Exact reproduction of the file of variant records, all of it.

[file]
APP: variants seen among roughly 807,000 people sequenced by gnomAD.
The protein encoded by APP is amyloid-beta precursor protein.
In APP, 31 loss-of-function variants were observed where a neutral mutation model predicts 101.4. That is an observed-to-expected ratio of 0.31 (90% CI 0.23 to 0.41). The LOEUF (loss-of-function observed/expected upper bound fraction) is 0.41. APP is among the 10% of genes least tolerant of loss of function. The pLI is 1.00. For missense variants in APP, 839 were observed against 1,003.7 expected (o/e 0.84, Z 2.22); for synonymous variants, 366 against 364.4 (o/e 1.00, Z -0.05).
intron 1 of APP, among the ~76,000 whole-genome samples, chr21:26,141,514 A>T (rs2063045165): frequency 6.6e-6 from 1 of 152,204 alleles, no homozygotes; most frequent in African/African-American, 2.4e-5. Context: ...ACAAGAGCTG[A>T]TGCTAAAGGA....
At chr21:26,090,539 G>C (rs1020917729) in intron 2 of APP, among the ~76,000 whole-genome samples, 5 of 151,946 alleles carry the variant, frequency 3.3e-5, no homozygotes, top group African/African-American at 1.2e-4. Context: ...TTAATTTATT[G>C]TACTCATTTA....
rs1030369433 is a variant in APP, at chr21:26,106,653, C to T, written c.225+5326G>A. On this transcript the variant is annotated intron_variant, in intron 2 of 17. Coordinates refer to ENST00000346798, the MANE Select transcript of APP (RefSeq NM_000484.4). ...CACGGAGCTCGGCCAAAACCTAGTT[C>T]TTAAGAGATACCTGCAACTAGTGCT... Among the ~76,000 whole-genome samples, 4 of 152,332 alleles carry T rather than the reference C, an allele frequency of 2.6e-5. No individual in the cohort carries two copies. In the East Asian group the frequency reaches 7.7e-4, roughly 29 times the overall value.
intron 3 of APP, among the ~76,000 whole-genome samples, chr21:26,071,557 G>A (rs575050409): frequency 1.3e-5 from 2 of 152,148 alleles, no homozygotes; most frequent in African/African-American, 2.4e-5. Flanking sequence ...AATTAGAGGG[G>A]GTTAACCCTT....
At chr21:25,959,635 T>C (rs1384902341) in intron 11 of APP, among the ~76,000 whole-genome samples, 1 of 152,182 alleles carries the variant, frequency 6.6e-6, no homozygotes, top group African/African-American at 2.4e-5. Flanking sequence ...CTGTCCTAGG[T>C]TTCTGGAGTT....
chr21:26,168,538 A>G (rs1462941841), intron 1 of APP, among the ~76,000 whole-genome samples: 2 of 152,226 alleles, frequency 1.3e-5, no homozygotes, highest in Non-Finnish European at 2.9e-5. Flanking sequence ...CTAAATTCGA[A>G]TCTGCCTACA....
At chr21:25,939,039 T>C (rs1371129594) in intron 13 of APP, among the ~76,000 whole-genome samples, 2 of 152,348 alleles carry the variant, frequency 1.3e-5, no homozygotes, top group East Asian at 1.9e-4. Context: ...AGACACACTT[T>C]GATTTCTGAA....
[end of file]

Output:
APP: variants seen among roughly 807,000 people sequenced by gnomAD.
The protein encoded by APP is amyloid-beta precursor protein.
In APP, 31 loss-of-function variants were observed where a neutral mutation model predicts 101.4. That is an observed-to-expected ratio of 0.31 (90% CI 0.23 to 0.41). The LOEUF (loss-of-function observed/expected upper bound fraction) is 0.41. APP is among the 10% of genes least tolerant of loss of function. The pLI is 1.00. For missense variants in APP, 839 were observed against 1,003.7 expected (o/e 0.84, Z 2.22); for synonymous variants, 366 against 364.4 (o/e 1.00, Z -0.05).
intron 1 of APP, among the ~76,000 whole-genome samples, chr21:26,141,514 A>T (rs2063045165): frequency 6.6e-6 from 1 of 152,204 alleles, no homozygotes; most frequent in African/African-American, 2.4e-5. Context: ...ACAAGAGCTG[A>T]TGCTAAAGGA....
At chr21:26,090,539 G>C (rs1020917729) in intron 2 of APP, among the ~76,000 whole-genome samples, 5 of 151,946 alleles carry the variant, frequency 3.3e-5, no homozygotes, top group African/African-American at 1.2e-4. Context: ...TTAATTTATT[G>C]TACTCATTTA....
rs1030369433 is a variant in APP, at chr21:26,106,653, C to T, written c.225+5326G>A. On this transcript the variant is annotated intron_variant, in intron 2 of 17. Coordinates refer to ENST00000346798, the MANE Select transcript of APP (RefSeq NM_000484.4). ...CACGGAGCTCGGCCAAAACCTAGTT[C>T]TTAAGAGATACCTGCAACTAGTGCT... Among the ~76,000 whole-genome samples, 4 of 152,332 alleles carry T rather than the reference C, an allele frequency of 2.6e-5. No individual in the cohort carries two copies. In the East Asian group the frequency reaches 7.7e-4, roughly 29 times the overall value.
intron 3 of APP, among the ~76,000 whole-genome samples, chr21:26,071,557 G>A (rs575050409): frequency 1.3e-5 from 2 of 152,148 alleles, no homozygotes; most frequent in African/African-American, 2.4e-5. Flanking sequence ...AATTAGAGGG[G>A]GTTAACCCTT....
At chr21:25,959,635 T>C (rs1384902341) in intron 11 of APP, among the ~76,000 whole-genome samples, 1 of 152,182 alleles carries the variant, frequency 6.6e-6, no homozygotes, top group African/African-American at 2.4e-5. Flanking sequence ...CTGTCCTAGG[T>C]TTCTGGAGTT....
chr21:26,168,538 A>G (rs1462941841), intron 1 of APP, among the ~76,000 whole-genome samples: 2 of 152,226 alleles, frequency 1.3e-5, no homozygotes, highest in Non-Finnish European at 2.9e-5. Flanking sequence ...CTAAATTCGA[A>G]TCTGCCTACA....
At chr21:25,939,039 T>C (rs1371129594) in intron 13 of APP, among the ~76,000 whole-genome samples, 2 of 152,348 alleles carry the variant, frequency 1.3e-5, no homozygotes, top group East Asian at 1.9e-4. Context: ...AGACACACTT[T>C]GATTTCTGAA....